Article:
Maybe you should fix this to point to the actual link in TFA http://wwww.unqlspec.org/ [unqlspec.org] ?

  • by pedantic bore (740196) on Saturday July 30, 2011 @09:13AM (#36932218)

    "So, everyone will use this unified query language?"

    "Yes, it'll be great. No need to rewrite things when moving from one database to another."

    "Sounds great. Portable apps! Hooray!"

    "It amazes me that nobody has ever done anything like this before."

    "Yes, in hindsight it's blindingly obvious. There should have been a single query language all along."

    "A single query language--we could call it `S-QL` or something like that."

    "Nah, I heard that there's already something called SQL. People would get them confused."

    "Why? They're probably totally different things."

    "Yeah, probably. It's better to make up new names than to risk confusion. So, what's it called?"

    "Uncle."

    "Isn't that what you say when you surrender?"

    "Yes, but in this case there's no possibility of confusion."

  • The beauty of a nosql store is defined by this query method get(key) it need to be nothing more and nothing less than that. Adding a query language totally defeats this purpose. Not to mention once you commit to using a search mechanism you are tightly bound to it.

    For instance I use mongodb but I do not allow anyone to use it's built in search mechanisms other than find by some key within the app itself.

    Sticking to this rule allows us to move to something like pure memcached, membase etc as a store by a sim

    • by Jonner (189691)

      The beauty of a nosql store is defined by this query method get(key) it need to be nothing more and nothing less than that. Adding a query language totally defeats this purpose. Not to mention once you commit to using a search mechanism you are tightly bound to it.

      For instance I use mongodb but I do not allow anyone to use it's built in search mechanisms other than find by some key within the app itself.

      Sticking to this rule allows us to move to something like pure memcached, membase etc as a store by a simple config change.

      Now using search capability outside the app is handy but again tightly binds you to the platform.

      Yeah, I yearn for that beauty when I use PostgreSQL. If only I had to write pages of new application functionality every time I wanted to search in a different way or add a new kind of thing to my database. Who wants to write a couple of lines of SQL when you can write hundreds of lines of C++?

  • And in other news, wheel reinvented, news at 11.

  • So, this is better than existing unstructured languages like SPARQL [wikipedia.org], how?

    • by 21mhz (443080)

      SPARQL belongs to the RDF la-la land, so it's designed by academics who never tried to implement anything convenient and scalable.
      Just ask them how easy it is to store and query a semantic equivalent of an ordered list of strings.

  • CouchDB, SQLite and Microsoft are shepherding the project and are inviting other parties to participate. "We're not trying to drive some sort of heavyweight process," Phillips said. Future versions of both CouchDB and SQLite will support UnQL queries, their creators promise.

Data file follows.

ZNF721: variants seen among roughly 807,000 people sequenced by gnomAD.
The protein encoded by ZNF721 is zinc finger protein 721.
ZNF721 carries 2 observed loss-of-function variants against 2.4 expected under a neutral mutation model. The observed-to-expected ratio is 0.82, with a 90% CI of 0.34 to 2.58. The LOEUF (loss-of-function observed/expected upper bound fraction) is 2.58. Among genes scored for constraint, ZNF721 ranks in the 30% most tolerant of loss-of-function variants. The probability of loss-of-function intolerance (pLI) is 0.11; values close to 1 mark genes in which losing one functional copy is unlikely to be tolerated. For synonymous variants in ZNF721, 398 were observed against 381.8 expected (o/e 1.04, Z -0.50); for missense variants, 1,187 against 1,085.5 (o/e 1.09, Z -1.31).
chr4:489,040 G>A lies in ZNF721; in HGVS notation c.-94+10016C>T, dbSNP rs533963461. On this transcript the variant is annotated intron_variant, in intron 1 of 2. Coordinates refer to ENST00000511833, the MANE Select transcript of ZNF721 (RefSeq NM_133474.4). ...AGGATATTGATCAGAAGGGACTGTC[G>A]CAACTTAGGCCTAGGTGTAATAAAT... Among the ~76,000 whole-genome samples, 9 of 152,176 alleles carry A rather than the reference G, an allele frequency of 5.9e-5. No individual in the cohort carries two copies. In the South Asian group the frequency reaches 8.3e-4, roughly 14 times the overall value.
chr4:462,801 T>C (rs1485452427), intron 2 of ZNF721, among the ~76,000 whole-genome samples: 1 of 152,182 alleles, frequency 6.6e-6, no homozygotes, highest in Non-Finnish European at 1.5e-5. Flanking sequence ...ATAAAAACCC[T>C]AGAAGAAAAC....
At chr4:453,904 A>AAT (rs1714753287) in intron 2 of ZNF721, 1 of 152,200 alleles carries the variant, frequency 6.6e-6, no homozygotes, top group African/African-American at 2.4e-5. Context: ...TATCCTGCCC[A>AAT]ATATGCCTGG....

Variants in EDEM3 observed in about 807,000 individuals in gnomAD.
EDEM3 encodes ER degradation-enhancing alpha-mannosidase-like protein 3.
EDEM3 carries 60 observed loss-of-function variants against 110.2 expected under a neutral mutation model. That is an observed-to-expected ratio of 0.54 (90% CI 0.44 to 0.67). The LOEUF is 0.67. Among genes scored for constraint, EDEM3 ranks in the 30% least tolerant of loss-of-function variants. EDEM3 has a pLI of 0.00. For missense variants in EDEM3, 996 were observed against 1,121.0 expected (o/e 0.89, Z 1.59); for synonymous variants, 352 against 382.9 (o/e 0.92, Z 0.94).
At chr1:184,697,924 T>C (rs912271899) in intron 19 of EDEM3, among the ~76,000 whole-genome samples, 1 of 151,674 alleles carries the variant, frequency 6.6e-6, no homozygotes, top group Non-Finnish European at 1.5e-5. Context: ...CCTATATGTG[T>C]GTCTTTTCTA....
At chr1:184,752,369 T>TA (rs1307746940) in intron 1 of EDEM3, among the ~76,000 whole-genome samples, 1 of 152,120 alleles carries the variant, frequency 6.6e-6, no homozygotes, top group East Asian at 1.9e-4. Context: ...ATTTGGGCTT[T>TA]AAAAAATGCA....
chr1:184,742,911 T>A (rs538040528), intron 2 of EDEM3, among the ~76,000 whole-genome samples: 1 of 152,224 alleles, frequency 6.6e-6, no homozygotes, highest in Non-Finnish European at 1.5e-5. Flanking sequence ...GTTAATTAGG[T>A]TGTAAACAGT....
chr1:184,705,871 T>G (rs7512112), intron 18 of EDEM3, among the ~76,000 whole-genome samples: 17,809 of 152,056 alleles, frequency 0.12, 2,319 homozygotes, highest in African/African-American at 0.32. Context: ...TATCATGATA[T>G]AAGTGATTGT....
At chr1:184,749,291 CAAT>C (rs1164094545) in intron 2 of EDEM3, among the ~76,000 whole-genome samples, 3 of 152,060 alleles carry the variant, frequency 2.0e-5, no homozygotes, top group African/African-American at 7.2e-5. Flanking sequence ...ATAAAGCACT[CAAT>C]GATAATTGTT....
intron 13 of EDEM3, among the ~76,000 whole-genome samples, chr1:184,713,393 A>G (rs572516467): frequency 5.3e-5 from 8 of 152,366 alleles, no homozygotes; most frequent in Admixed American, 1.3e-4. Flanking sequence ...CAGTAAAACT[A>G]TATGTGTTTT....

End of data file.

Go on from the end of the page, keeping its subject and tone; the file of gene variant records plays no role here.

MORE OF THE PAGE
Somehow I feel that MS will be either buying up of these NoSQL companies or is developing their own in the near future. Why else would MS get involved...

    • by Noughmad (1044096)

      Why else would MS get involved...

      Because nobody wants SQL Server, and they need to spread some more FUD about its competitors.

    • by sgt scrub (869860)

      I doubt that. Microsoft's extend and embraced version of SQL has XML support using XQuery. They are obviously looking for someone like Sybase, the origin of msSQL, to unify the sql language to handle queries on both XML and Relational Data without switching languages. I mean really, how else can Microsoft "invent" it?

  • by luis_a_espinal (1810296) on Saturday July 30, 2011 @10:22AM (#36932574) Homepage
    What a fail. Notice the second link in the quote below:

    splitenz writes:

    "Hoping to unify the growing but disparate market of NoSQL databases, the creators behind CouchDB and SQLite have introduced a new query language for the format [arnnet.com.au], called UnQL (Unstructured Data Query Language [psu.edu] — .PS). It has Microsoft's backing."

    Then, FTA (right at the bottom of it):

    This version of UnQL has no relation to an identically named unstructured data query language proposed by a University of Pennsylvania researcher over a decade ago [acm.org], Phillips said.

    I know it's slashdot, but c'mon. Just looking at the linked postscript file shows you a major WTF discrepancy. First the paper is from 2000, and then that paper's query language is based on algebras that do not resemble Codd's relational algebra at all. And that runs counter to this, also FTFA:

    Like SQL, UnQL was built on the foundation of relational algebra, Phillips said.

    The news are great. The coverage blows. It would pay to read the stuff that is being submitted as a story... just sayin...

  • Step 1: Structured query databases exist for four decades, show they are perfectly capable of scaling, load balancing, and anything else you want them to do.

    Step 2: Microsoft writes a structured query database, it can hardly do any of these.

    Step 3: "Rararara structured query sucks lets support some half-baked DB idea and as soon as there is a breakthrough buy it up."

    Step 4: ???

    Step 5: Profit!